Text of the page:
Runners Who Read

Who knew? A bunch of runners who enjoy reading and discussing what they read.

Saturday, November 26, 2005

Talking About Eva

I finished reading We Need To Talk About Kevin several days ago. It truly was a compelling read, and I could probably riff on any number of aspects of this story for days on end…but I’ll spare everyone my prattle.

My views on this story were heavily influenced by an engrossing panel discussion I saw many months ago on the subject of sociopathy/psychopathy. According to the panel experts, approximately 3% of all human beings are born sociopathic - regardless of race, culture, gender or economic status. It’s a chilling thought. A sociopath/psychopath is defined as an individual inherently lacking empathy. A sociopath is concerned only with his/her well-being. Other people are, in essence, merely “things.” As the experts explained, we tend to focus on sexual sadists or serial killers. In truth, sociopathy may manifest itself in many ways, depending upon a multitude of factors such as intelligence, sexual proclivities, aspirations, what have you. Yes, sociopaths may become serial killers. They may also become grifters or thieves, preying on others with no regard for the consequences to the victims. They may become corporate executives who could care less if thousands lose their pensions or life savings. They may become mass murderers. Regardless of the ultimate manifestation, the common element is that the sociopath has no regard for anyone else’s feelings. They are truly self-centered and cold-hearted.

Did you know that the U.S. Army conducted studies of soldiers’ behavior and discovered that only 3% of troops actually aim to kill? Yep, it’s true. That’s why troops are issued automatic weapons…no aiming necessary.

I believe I’ve met several sociopaths. One was my cousin’s friend. I grew up with him and he was coldly malevolent. He didn’t rage. He simply didn’t care about anyone. He led the life of a petty criminal until a girlfriend left him. He showed his displeasure by torching the garage to her home. After he was released from prison he emphasized his opprobrium by killing her and her parents. I’ve met executives who were chillingly amoral/immoral.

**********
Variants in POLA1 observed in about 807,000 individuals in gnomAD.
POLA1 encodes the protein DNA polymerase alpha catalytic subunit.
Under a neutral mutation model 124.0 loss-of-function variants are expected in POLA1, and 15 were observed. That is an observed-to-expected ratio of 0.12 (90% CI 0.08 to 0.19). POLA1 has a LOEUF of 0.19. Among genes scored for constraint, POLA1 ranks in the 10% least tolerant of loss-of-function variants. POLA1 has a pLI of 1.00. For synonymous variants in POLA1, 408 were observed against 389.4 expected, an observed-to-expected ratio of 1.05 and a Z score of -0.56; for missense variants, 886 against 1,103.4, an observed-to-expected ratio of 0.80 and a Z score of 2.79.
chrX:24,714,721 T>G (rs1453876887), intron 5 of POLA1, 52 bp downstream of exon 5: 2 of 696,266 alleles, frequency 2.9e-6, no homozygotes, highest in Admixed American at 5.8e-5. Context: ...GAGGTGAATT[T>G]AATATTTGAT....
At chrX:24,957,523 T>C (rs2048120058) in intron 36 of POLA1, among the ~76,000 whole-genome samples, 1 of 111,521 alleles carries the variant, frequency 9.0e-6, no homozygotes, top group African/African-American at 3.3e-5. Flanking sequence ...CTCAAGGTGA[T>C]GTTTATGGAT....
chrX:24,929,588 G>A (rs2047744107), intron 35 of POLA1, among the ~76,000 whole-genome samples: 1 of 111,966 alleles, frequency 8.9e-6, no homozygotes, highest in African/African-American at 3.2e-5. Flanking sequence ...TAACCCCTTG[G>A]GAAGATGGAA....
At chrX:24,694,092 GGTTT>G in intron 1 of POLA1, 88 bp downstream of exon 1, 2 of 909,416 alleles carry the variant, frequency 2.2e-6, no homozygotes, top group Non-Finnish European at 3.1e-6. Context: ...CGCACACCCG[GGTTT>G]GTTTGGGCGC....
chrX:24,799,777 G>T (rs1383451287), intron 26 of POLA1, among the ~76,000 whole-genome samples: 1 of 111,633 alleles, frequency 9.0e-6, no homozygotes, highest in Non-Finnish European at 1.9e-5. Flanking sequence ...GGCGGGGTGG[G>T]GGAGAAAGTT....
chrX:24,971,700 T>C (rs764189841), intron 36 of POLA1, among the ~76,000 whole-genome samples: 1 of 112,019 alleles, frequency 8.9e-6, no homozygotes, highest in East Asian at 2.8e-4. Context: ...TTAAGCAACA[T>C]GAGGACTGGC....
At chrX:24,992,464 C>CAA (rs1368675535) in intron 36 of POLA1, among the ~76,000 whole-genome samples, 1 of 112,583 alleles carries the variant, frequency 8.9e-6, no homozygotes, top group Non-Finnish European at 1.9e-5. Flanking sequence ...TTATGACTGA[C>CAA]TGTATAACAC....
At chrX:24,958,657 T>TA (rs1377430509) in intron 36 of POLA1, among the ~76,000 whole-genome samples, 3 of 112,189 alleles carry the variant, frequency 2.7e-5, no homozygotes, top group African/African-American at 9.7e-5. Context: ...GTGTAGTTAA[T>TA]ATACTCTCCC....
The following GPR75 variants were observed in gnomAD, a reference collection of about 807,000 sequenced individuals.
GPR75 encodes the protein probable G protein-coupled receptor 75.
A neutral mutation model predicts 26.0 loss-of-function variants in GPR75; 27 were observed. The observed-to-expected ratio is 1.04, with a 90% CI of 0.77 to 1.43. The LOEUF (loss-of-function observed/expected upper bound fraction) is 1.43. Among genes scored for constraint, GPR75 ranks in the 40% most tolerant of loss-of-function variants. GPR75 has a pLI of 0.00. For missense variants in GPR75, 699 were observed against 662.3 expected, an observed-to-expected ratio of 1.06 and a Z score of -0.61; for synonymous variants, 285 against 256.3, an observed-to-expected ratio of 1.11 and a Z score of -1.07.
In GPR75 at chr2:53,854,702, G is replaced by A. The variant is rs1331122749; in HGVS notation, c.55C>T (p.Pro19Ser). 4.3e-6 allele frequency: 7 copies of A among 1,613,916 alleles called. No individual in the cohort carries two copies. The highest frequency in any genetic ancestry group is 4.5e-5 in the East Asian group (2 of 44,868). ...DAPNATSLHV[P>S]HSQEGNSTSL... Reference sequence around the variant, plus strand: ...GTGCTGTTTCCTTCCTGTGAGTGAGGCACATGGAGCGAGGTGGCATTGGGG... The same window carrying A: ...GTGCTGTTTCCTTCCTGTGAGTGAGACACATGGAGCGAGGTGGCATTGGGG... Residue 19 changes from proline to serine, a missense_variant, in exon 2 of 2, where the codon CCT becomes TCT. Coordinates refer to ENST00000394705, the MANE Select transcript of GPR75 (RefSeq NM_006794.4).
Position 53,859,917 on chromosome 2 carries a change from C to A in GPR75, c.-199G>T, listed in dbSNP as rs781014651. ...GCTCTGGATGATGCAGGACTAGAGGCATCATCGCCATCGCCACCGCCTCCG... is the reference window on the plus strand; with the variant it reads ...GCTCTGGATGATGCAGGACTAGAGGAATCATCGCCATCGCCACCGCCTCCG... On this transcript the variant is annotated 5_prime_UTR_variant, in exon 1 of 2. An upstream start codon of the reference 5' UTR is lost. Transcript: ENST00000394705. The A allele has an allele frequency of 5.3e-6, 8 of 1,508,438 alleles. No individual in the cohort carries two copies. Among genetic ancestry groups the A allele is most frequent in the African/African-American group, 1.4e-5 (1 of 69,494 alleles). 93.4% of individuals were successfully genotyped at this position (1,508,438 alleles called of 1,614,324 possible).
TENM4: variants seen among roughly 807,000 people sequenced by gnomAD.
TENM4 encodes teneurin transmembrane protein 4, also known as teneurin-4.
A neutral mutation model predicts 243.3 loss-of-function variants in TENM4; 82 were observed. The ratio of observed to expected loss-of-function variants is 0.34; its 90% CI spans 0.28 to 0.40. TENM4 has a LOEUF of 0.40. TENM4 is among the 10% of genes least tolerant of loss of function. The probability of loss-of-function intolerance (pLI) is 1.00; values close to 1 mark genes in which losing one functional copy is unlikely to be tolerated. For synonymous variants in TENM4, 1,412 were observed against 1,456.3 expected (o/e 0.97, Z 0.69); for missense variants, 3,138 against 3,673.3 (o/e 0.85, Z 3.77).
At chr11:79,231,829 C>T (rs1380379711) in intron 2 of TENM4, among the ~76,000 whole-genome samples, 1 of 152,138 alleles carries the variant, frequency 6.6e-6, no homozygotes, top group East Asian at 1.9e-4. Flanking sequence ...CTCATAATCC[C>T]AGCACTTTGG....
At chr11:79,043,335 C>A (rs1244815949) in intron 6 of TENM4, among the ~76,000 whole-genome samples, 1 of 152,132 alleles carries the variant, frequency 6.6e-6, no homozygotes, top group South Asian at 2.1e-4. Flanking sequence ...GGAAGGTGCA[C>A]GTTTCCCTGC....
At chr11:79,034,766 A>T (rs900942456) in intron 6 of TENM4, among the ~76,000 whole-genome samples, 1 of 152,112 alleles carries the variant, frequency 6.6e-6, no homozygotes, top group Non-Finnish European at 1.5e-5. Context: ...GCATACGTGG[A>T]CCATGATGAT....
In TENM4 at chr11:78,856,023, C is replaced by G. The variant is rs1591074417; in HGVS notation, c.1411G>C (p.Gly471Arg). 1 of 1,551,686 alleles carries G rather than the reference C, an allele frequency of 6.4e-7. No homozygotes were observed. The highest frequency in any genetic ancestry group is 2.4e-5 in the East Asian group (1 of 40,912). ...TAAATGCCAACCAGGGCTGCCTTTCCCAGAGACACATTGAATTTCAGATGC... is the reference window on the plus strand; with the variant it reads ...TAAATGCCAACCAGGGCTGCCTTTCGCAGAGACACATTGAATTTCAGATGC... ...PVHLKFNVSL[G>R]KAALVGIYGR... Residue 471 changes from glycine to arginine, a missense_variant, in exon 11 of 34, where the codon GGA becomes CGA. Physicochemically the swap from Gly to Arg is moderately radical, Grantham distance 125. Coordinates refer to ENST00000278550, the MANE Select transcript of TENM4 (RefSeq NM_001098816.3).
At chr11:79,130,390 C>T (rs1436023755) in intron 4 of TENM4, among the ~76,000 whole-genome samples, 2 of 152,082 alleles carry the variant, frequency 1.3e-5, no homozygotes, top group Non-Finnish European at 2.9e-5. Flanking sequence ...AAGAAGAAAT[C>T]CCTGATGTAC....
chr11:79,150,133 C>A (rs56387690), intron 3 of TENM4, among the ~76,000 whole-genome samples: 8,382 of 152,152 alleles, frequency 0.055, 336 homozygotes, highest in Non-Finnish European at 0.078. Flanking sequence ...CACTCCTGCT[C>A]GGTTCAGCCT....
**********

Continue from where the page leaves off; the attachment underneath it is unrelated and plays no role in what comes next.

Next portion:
I saw Kevin as a classic sociopath.

I was rather surprised by the commentary other RWR’s offered about the narrator. The comments gave me great pause. I hesitate to disagree with the likes of Michele, Paula or Bernice because I consider their judgments superior to mine, but I came away with a diametrically opposite view of Eva Khatchadourian. After first reading about the “loathsome narrator” her “relentless negativity and her obsessive fault-finding” that “she took the guilt and blame rather nonchalantly” and is someone “who acts in a selfish, self-aggrandizing and incredibly shallow way…” I expected to dislike Eva immensely. I hesitate to write this, but I really liked Eva. In fact, she is the type of person I am drawn towards as a lover or a friend.

I saw Eva as an intelligent, introspective, independent, curious, strong, entrepreneurial, inquisitive, loving, passionate and sensitive human being. I felt great empathy and sympathy for her. She lived an admirable life. She wanted to experience the richness that life offers. She was strong enough to travel the world on her own, create a successful business, live a culturally rich life, love passionately and steadfastly. She took her responsibilities as a parent seriously. She did what she could to connect with Kevin. She was a loving mother to Celia. She was a loving wife. She accepted the consequences and suffered with dignity.

Although I drive an “SRO” I found myself in substantial agreement with Eva’s observations about our culture. Sure, the narrative was unrelenting as Eva struggled to understand and cope with the realities of her existence. How could it be not, given all that she experienced?

It was Franklin who got under my skin. His myopia regarding Kevin’s true nature certainly had consequences. He was dismissive regarding Eva’s intuitions/beliefs. He deserved the sobriquet “Mr. Plastic.” He preferred that soul-less glass and teak house instead of Eva’s longed-for funky Victorian. He was detached from reality. I did not see him as a truly loving father. He did not know his own son, nor love his daughter as Eva did. He failed to respect Eva’s concerns. He failed Eva.

One last note. I was not surprised by the ending. I had guessed the outcome by the third letter, and was absolutely certain about what was coming halfway through the book. There was a bit of artifice in the narrative but it was minor. I could explain why I concluded what I did, but that would constitute a spoiler of sorts, so I’ll be mum.

Any thoughts?